Trailing spouse. You can’t be an expat and not have an intimate relationship with those two words. In fact, being or having a trailing spouse is not just relegated to expat territory. Rather, it’s a universal issue of humankind that bores deep into the essence of a relationship, if not your very identity itself.
The best illustration of the dilemma of the trailing spouse is brought to you by Grey’s Anatomy, Season 11, Episodes 1-4. (Don’t judge me. I have been binge-watching Grey’s Anatomy for the past year. I have teenage daughters who got me hooked. Also, spoiler alert!) At the end of Season 10, Derek took on an important government brain surgery research project and wants to move the family to DC, but at the start of Season 11 Meredith ultimately decides that she doesn’t want to leave Seattle. She tells Derek she won’t give up her job as a surgeon to become the trailing spouse. This prompts Derek to relent and resign his position on the research commission so that he can stay with his family. But does that make Meredith happy? No. Because she full well knows that he is now going to play the victim and blame HER for the decision HE made. She rightfully points out that it was his decision alone, but of course she is also aware that living separately with two kids between them would have had its own problems. Is there a way out? (I don’t know the answer in this particular case – I am currently on Season 11, Episode 5.)
If you don’t know these characters, you’ll think, what was the big deal? Why doesn’t she just take a similar job at another hospital and continue her career there? If you DO know the characters, you’ll love Meredith for what she did there. If you are a woman, that is.
Because it IS a big deal for her to stand her ground (aside from the fact that her moving away would have totally screwed up the plot). I’m not a surgeon, much less the leading neuro-surgeon in the country, but looking back at my life I had that very same decision to make. Except I made it in about 2 seconds and happily gave up my friends and my job (and my minivan!) to move from North Carolina all the way to Singapore to support my husband’s career, our 1-year old son in tow. Saying no, saying “I don’t know what you’ll decide but I want to stay here and continue to work, even though I’m making peanuts compared to you” never entered my mind. I belonged at his side, I was happy for him to have this opportunity, I was looking forward to the adventure. My own career? I threw that under the bus without a second thought.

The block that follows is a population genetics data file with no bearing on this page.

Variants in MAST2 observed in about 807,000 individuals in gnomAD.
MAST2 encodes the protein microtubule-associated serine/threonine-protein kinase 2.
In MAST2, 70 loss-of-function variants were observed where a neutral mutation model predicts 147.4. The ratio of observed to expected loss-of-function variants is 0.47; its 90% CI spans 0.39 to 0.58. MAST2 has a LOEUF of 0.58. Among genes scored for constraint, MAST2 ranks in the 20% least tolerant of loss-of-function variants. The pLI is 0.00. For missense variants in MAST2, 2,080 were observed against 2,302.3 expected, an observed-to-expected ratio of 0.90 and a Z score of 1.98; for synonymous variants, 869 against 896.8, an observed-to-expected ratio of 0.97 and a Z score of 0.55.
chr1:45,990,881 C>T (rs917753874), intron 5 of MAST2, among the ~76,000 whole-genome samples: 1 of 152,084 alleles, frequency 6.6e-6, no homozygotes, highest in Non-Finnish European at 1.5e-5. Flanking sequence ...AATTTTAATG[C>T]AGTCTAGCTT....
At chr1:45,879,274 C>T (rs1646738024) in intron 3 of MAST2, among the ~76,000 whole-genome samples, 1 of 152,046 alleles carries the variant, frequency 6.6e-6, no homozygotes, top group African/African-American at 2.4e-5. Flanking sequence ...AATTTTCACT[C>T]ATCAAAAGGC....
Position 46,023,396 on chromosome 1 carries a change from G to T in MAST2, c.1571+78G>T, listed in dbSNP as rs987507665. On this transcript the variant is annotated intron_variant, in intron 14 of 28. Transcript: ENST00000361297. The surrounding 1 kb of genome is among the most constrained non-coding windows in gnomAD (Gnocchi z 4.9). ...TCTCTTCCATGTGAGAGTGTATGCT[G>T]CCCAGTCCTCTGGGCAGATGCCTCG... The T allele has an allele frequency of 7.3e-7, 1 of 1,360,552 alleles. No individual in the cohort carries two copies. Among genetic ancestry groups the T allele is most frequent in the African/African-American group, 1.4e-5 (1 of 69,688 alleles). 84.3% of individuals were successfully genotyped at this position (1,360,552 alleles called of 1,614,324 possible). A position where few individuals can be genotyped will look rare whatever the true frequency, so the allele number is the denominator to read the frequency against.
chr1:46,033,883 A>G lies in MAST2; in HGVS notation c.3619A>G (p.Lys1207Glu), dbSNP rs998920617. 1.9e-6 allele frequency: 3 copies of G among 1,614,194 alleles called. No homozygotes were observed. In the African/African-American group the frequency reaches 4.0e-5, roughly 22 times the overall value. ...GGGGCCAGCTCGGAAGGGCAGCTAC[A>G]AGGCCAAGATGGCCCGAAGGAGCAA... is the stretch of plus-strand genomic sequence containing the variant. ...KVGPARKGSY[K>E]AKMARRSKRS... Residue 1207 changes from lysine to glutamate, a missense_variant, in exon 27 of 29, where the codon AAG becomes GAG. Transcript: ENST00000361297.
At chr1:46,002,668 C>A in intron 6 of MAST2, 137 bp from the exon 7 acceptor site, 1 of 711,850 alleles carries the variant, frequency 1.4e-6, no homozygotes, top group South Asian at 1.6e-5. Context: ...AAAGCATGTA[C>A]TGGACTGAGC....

Twenty years later, you find yourself in a very different place. You’ve taken a big chunk out of your life to follow wherever the trail leads, and you eventually get just the tiniest bit tired of always trailing along. But by now you’ve been out of the workforce for such a long time, how do you build something for yourself again that allows you to stay put for once? And where do you even want to be?
Don’t get me wrong, I have no regrets. Every step that we took was the right decision at the time. But if I were to counsel any young married woman – it is still usually the woman, though nowadays there are more and more exceptions – setting out on a similar path today, I would say: “Proceed with caution. Don’t rush into this without thinking about the consequences. You are your own person. You are allowed to make plans for yourself, aside from the plans for your family. There will come a time that you may regret not thinking about yourself, your work, your personal goals, your dreams.”
As in Derek and Meredith’s case, thinking about yourself first isn’t nearly as selfish as it sounds. It is actually the right thing to do by your partner. Because the alternative is NOT to be selfish and to happily trail behind – and start breeding resentments just the tiniest little bit. Over the years, those might accumulate, and then you haven’t done your partner any favors.
I once read an essay called The Simple Marriage Manifesto by Dr. Corey Allen (more information at http://www.simplemarriage.net). Its premise is that the best marriages are those where each partner is focused on “creating a great life and allowing your spouse to be the ‘icing’ on the cake.” I believe that this is what the writers of Grey’s Anatomy so beautifully zeroed in on. Of course, this makes a lot of sense in a TV Series. You have to have great individual characters, even – or especially – if they are in a relationship. But in real life, we often put the relationship above the individuals. In the long run that puts a lot of strain on that very relationship. Perhaps we should all try to live a little more like TV characters.
“One of the scariest aspects of marriage is the fact that your spouse is a separate being beyond your control. They can behave however they like and can choose to do whatever they want,” the manifesto goes on to say. What an alien concept, right? It almost sounds revolutionary to say these words out loud, but in fact it’s the honest truth.
To become a trailing spouse – or let your partner become one – is not really the natural state of things. It’s just the much easier route to go at that moment in time. But as John F. Kennedy once said, “We choose to go to the moon not because it is easy, but because it is hard.”
If you want to take your marriage as far as the moon, remember that you might first have to learn to stand on your own two feet.
For another look at the Trailing Spouse dilemma, check out Trailing: A Memoir.